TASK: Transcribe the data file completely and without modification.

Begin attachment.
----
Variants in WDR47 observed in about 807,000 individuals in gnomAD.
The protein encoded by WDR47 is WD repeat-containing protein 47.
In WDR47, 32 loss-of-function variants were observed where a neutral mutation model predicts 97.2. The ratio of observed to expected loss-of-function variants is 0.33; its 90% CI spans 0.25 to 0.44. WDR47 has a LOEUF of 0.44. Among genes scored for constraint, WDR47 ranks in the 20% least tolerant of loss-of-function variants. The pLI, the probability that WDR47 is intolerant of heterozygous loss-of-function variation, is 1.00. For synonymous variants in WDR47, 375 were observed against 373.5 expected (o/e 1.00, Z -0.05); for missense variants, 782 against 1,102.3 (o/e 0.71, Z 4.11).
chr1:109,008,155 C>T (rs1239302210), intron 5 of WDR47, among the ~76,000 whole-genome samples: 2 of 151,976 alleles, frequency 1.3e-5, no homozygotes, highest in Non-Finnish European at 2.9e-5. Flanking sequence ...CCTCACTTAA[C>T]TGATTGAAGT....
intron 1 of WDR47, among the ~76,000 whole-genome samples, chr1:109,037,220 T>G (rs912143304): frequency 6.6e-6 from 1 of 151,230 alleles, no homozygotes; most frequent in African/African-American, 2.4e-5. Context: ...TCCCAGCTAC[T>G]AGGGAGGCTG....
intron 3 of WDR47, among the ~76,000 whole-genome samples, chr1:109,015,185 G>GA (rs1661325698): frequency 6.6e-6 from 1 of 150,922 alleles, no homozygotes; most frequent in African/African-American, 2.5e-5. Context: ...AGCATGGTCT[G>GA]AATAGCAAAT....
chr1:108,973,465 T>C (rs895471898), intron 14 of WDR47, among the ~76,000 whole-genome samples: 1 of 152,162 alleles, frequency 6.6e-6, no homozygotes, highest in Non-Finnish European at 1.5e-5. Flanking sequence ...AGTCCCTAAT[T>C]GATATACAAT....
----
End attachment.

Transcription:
Variants in WDR47 observed in about 807,000 individuals in gnomAD.
The protein encoded by WDR47 is WD repeat-containing protein 47.
In WDR47, 32 loss-of-function variants were observed where a neutral mutation model predicts 97.2. The ratio of observed to expected loss-of-function variants is 0.33; its 90% CI spans 0.25 to 0.44. WDR47 has a LOEUF of 0.44. Among genes scored for constraint, WDR47 ranks in the 20% least tolerant of loss-of-function variants. The pLI, the probability that WDR47 is intolerant of heterozygous loss-of-function variation, is 1.00. For synonymous variants in WDR47, 375 were observed against 373.5 expected (o/e 1.00, Z -0.05); for missense variants, 782 against 1,102.3 (o/e 0.71, Z 4.11).
chr1:109,008,155 C>T (rs1239302210), intron 5 of WDR47, among the ~76,000 whole-genome samples: 2 of 151,976 alleles, frequency 1.3e-5, no homozygotes, highest in Non-Finnish European at 2.9e-5. Flanking sequence ...CCTCACTTAA[C>T]TGATTGAAGT....
intron 1 of WDR47, among the ~76,000 whole-genome samples, chr1:109,037,220 T>G (rs912143304): frequency 6.6e-6 from 1 of 151,230 alleles, no homozygotes; most frequent in African/African-American, 2.4e-5. Context: ...TCCCAGCTAC[T>G]AGGGAGGCTG....
intron 3 of WDR47, among the ~76,000 whole-genome samples, chr1:109,015,185 G>GA (rs1661325698): frequency 6.6e-6 from 1 of 150,922 alleles, no homozygotes; most frequent in African/African-American, 2.5e-5. Context: ...AGCATGGTCT[G>GA]AATAGCAAAT....
chr1:108,973,465 T>C (rs895471898), intron 14 of WDR47, among the ~76,000 whole-genome samples: 1 of 152,162 alleles, frequency 6.6e-6, no homozygotes, highest in Non-Finnish European at 1.5e-5. Flanking sequence ...AGTCCCTAAT[T>C]GATATACAAT....